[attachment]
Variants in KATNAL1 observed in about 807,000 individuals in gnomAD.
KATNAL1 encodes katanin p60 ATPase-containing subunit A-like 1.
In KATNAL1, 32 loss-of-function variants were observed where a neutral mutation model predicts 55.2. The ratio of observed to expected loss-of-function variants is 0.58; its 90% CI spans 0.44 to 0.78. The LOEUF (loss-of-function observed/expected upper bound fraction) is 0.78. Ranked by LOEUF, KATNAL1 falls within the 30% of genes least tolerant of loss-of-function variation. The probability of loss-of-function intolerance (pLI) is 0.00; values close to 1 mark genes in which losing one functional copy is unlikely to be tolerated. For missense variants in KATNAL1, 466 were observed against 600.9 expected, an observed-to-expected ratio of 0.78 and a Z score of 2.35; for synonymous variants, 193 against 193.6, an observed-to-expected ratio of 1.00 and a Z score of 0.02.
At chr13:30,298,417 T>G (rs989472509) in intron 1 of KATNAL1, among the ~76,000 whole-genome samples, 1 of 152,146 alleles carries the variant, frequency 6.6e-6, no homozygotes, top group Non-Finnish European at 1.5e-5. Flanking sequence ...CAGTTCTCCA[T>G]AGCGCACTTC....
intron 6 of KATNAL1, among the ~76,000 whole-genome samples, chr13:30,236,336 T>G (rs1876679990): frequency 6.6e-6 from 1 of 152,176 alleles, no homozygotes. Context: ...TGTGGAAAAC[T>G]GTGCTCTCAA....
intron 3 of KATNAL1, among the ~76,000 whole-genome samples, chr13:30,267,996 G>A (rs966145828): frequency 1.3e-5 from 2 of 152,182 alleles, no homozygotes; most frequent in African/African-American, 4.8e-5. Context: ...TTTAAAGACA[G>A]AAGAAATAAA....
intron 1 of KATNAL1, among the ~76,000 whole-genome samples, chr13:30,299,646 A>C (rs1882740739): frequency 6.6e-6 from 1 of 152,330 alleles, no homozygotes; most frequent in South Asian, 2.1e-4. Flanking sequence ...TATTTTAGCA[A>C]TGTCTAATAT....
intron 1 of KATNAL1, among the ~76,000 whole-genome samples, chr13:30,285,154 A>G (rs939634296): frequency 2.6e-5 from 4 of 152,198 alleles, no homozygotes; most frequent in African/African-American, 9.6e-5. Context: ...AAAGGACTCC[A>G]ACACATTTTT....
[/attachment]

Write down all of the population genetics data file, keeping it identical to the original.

Variants in KATNAL1 observed in about 807,000 individuals in gnomAD.
KATNAL1 encodes katanin p60 ATPase-containing subunit A-like 1.
In KATNAL1, 32 loss-of-function variants were observed where a neutral mutation model predicts 55.2. The ratio of observed to expected loss-of-function variants is 0.58; its 90% CI spans 0.44 to 0.78. The LOEUF (loss-of-function observed/expected upper bound fraction) is 0.78. Ranked by LOEUF, KATNAL1 falls within the 30% of genes least tolerant of loss-of-function variation. The probability of loss-of-function intolerance (pLI) is 0.00; values close to 1 mark genes in which losing one functional copy is unlikely to be tolerated. For missense variants in KATNAL1, 466 were observed against 600.9 expected, an observed-to-expected ratio of 0.78 and a Z score of 2.35; for synonymous variants, 193 against 193.6, an observed-to-expected ratio of 1.00 and a Z score of 0.02.
At chr13:30,298,417 T>G (rs989472509) in intron 1 of KATNAL1, among the ~76,000 whole-genome samples, 1 of 152,146 alleles carries the variant, frequency 6.6e-6, no homozygotes, top group Non-Finnish European at 1.5e-5. Flanking sequence ...CAGTTCTCCA[T>G]AGCGCACTTC....
intron 6 of KATNAL1, among the ~76,000 whole-genome samples, chr13:30,236,336 T>G (rs1876679990): frequency 6.6e-6 from 1 of 152,176 alleles, no homozygotes. Context: ...TGTGGAAAAC[T>G]GTGCTCTCAA....
intron 3 of KATNAL1, among the ~76,000 whole-genome samples, chr13:30,267,996 G>A (rs966145828): frequency 1.3e-5 from 2 of 152,182 alleles, no homozygotes; most frequent in African/African-American, 4.8e-5. Context: ...TTTAAAGACA[G>A]AAGAAATAAA....
intron 1 of KATNAL1, among the ~76,000 whole-genome samples, chr13:30,299,646 A>C (rs1882740739): frequency 6.6e-6 from 1 of 152,330 alleles, no homozygotes; most frequent in South Asian, 2.1e-4. Flanking sequence ...TATTTTAGCA[A>C]TGTCTAATAT....
intron 1 of KATNAL1, among the ~76,000 whole-genome samples, chr13:30,285,154 A>G (rs939634296): frequency 2.6e-5 from 4 of 152,198 alleles, no homozygotes; most frequent in African/African-American, 9.6e-5. Context: ...AAAGGACTCC[A>G]ACACATTTTT....